False killer whales are one of several species known to mass strand, with the largest mass stranding documented of over 800 individuals. They are highly social and typically travel in groups of 10 to 20 individuals, although groups of several hundred individuals have been documented travelling together. Groups are often widely spread, with all individuals in a general area often traveling in the same direction and with sub-groups joining and diverging over time. This pattern probably reflects that false killer whales are cooperative hunters, and work together to capture dangerous and difficult-to-capture prey such as swordfish and large tuna. They frequently share prey, often passing intact prey back and forth among individuals prior to starting to consume it. This behavior may serve some symbolic purpose to build trust among regular hunting partners. Results from satellite tagging of multiple individuals within a group demonstrate individuals within a group may spread as much as 100 kilometers apart before rejoining. Based on association analyses of photo-identified individuals, social bonds can be both strong and enduring (at least 15 years). Around the main Hawaiian Islands individuals show long-term fidelity to the area, although movements of up to almost 500 kilometers have been documented. Little is known about the movements or range of individuals from open-ocean populations. Associations with other species, particularly common bottlenose dolphins and rough-toothed dolphins, are frequently documented. False killer whales are probably occasionally killed by large sharks, and there is one documented attack by killer whales on false killer whales in New Zealand.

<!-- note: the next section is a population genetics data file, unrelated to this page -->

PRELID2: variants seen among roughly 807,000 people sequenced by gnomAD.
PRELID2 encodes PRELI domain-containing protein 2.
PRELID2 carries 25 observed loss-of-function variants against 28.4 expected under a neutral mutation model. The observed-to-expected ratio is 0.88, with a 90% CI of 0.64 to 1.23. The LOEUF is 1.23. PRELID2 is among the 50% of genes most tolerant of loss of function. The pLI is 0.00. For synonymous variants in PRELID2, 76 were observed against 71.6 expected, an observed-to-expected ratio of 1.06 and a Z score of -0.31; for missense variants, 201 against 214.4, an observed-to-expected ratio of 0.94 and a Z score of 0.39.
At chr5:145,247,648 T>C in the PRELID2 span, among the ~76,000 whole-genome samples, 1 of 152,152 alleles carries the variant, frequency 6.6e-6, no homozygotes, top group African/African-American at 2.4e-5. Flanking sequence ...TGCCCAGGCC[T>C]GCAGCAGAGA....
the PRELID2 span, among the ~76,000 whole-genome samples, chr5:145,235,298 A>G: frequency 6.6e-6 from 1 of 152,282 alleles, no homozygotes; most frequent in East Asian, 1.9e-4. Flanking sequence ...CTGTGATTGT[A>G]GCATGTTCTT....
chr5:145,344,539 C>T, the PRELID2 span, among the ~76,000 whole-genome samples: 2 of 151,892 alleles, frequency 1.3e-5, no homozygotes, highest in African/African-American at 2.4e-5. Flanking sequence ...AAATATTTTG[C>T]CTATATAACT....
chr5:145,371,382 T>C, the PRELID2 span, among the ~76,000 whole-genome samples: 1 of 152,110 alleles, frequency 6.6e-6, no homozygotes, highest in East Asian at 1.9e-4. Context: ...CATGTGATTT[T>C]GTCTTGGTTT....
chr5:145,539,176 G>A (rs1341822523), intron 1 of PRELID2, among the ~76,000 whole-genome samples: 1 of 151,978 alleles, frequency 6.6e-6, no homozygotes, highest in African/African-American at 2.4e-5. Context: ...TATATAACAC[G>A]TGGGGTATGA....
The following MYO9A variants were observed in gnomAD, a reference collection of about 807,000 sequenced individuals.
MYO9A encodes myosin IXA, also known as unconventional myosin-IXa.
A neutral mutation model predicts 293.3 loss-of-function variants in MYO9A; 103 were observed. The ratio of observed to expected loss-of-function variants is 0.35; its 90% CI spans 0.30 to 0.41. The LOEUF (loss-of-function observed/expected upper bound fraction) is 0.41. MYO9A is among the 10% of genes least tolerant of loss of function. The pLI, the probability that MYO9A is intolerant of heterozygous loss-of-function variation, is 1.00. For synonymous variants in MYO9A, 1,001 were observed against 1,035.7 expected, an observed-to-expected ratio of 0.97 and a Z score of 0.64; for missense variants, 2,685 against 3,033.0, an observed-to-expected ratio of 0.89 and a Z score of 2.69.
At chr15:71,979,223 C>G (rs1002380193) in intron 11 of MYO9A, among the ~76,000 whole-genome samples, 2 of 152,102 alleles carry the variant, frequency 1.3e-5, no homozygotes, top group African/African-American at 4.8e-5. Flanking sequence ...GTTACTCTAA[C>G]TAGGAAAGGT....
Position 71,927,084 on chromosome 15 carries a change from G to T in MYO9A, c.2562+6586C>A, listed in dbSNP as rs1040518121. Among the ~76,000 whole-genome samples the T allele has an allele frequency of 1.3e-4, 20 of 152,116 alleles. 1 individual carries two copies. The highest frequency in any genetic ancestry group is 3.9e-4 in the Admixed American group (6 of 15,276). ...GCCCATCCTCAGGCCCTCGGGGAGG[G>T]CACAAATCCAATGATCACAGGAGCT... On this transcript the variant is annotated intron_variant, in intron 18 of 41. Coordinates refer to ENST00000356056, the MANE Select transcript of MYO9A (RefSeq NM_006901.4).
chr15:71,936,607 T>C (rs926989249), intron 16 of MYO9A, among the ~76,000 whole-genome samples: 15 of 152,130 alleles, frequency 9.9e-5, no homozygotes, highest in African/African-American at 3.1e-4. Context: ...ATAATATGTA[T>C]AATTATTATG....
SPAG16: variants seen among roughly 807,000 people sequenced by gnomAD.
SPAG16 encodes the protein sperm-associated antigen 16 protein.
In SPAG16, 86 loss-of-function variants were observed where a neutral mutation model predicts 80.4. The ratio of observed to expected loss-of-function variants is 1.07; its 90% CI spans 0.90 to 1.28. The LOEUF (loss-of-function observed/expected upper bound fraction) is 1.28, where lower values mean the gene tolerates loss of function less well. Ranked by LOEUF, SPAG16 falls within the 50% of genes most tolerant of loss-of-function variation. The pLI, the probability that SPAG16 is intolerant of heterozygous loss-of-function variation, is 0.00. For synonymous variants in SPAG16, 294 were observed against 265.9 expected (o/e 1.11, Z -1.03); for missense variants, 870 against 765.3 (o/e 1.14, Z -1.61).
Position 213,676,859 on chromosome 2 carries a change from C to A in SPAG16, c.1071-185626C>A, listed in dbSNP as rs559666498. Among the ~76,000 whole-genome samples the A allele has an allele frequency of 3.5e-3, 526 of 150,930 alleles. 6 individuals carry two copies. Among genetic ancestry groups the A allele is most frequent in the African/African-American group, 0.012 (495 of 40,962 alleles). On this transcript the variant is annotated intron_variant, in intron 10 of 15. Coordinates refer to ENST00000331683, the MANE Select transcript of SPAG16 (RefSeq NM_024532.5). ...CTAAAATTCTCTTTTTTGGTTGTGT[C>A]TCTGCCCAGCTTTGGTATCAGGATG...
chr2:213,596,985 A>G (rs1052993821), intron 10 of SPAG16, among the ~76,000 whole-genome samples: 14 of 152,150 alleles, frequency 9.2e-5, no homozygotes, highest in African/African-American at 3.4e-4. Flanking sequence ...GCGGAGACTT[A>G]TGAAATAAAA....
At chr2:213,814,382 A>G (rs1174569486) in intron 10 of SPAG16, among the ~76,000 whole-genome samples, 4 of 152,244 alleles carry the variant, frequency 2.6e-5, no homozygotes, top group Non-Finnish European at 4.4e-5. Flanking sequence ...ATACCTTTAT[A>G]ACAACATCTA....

Most of what is known about life history of false killer whales comes from analysis of individuals killed in drive fisheries in Japan or mass strandings in South Africa. In general false killer whales mature slowly, reproduce infrequently, and live a long time. First ovulation for females is between 8.25 and 10.5 years, gestation lasts 15.1-15.7 months, and thus age at first reproduction for females is from 9.5 to 11.75 years. Males are not sexually mature until their late teens. Average inter-birth interval from Japan was reported as 6.9 years. Females go through menopause in their early 40s, yet may live for 20 or more years after. Longevity has been reported as 57.5 years for males and 62.5 years for females based on examination of growth layer groups in teeth. However, aging older odontocetes with this method is problematic and both maximum longevity could be substantially greater for both sexes.